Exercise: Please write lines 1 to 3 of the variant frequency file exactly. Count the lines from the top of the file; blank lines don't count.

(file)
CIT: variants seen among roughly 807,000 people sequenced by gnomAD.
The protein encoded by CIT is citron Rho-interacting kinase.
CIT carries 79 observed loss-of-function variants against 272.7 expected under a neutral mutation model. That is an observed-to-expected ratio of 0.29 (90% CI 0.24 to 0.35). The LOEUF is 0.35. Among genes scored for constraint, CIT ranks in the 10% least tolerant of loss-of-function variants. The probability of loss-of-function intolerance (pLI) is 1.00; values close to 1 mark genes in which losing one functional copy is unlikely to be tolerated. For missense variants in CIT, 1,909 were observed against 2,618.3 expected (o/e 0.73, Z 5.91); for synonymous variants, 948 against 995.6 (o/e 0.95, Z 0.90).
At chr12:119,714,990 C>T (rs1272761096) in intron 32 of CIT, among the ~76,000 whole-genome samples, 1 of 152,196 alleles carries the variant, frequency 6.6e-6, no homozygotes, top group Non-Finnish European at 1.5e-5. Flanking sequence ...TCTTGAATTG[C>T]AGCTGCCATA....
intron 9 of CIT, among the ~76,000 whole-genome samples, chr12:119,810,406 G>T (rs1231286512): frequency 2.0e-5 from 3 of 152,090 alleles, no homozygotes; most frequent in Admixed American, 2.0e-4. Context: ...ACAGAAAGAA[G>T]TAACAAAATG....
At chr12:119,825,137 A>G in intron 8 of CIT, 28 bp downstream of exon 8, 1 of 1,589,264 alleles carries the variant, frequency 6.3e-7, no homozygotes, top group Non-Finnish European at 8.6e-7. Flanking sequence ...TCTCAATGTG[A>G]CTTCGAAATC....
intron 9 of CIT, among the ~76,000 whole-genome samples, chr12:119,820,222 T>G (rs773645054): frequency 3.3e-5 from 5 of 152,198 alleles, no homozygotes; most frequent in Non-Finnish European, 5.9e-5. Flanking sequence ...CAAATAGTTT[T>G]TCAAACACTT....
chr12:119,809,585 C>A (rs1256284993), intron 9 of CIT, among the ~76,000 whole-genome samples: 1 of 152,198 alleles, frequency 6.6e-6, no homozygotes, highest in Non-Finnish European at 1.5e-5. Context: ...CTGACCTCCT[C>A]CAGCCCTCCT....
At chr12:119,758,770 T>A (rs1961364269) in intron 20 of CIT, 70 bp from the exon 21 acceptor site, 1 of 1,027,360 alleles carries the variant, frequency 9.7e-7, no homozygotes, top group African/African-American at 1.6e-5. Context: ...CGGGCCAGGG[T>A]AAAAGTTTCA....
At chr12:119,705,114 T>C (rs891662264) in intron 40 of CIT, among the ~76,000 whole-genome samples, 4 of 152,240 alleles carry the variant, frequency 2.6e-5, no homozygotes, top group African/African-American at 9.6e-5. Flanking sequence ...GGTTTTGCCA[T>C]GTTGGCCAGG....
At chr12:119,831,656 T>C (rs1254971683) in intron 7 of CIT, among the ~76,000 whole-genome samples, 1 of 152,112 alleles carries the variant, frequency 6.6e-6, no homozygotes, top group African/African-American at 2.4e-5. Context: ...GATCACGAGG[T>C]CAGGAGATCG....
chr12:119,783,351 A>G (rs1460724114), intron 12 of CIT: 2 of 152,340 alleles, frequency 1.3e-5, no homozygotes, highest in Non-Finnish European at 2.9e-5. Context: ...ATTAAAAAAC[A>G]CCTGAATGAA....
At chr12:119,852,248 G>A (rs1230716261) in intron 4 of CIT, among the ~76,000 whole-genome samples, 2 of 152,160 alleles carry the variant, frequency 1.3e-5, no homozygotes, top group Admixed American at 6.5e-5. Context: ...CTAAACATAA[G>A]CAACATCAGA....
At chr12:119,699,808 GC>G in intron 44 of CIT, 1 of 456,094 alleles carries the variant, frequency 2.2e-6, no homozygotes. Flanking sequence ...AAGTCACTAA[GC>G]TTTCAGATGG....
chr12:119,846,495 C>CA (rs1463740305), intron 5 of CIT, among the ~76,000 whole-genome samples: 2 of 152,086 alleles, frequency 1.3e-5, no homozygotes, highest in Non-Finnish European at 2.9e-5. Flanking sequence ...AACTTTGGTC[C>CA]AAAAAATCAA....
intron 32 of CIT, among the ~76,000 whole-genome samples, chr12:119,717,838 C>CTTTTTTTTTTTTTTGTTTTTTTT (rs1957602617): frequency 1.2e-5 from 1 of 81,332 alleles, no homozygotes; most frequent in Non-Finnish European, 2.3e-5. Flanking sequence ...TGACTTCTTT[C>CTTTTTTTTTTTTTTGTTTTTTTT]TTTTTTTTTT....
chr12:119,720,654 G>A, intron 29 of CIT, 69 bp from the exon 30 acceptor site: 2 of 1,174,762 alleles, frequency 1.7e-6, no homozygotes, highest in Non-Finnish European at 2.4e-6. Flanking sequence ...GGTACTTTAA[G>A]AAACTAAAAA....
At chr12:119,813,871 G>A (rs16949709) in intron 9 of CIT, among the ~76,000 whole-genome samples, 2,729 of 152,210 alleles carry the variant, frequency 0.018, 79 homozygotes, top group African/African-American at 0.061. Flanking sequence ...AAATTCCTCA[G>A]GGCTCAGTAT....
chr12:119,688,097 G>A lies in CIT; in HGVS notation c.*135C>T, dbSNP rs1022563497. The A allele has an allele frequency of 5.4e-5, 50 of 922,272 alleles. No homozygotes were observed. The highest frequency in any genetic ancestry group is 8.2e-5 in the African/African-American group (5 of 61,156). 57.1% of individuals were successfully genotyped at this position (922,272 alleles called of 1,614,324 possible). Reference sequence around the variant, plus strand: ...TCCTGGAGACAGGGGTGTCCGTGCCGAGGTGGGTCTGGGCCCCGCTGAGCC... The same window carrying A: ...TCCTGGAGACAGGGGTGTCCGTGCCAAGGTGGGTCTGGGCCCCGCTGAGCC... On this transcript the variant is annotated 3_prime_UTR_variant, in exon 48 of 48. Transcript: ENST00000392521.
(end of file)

CIT: variants seen among roughly 807,000 people sequenced by gnomAD.
The protein encoded by CIT is citron Rho-interacting kinase.
CIT carries 79 observed loss-of-function variants against 272.7 expected under a neutral mutation model. That is an observed-to-expected ratio of 0.29 (90% CI 0.24 to 0.35). The LOEUF is 0.35. Among genes scored for constraint, CIT ranks in the 10% least tolerant of loss-of-function variants. The probability of loss-of-function intolerance (pLI) is 1.00; values close to 1 mark genes in which losing one functional copy is unlikely to be tolerated. For missense variants in CIT, 1,909 were observed against 2,618.3 expected (o/e 0.73, Z 5.91); for synonymous variants, 948 against 995.6 (o/e 0.95, Z 0.90).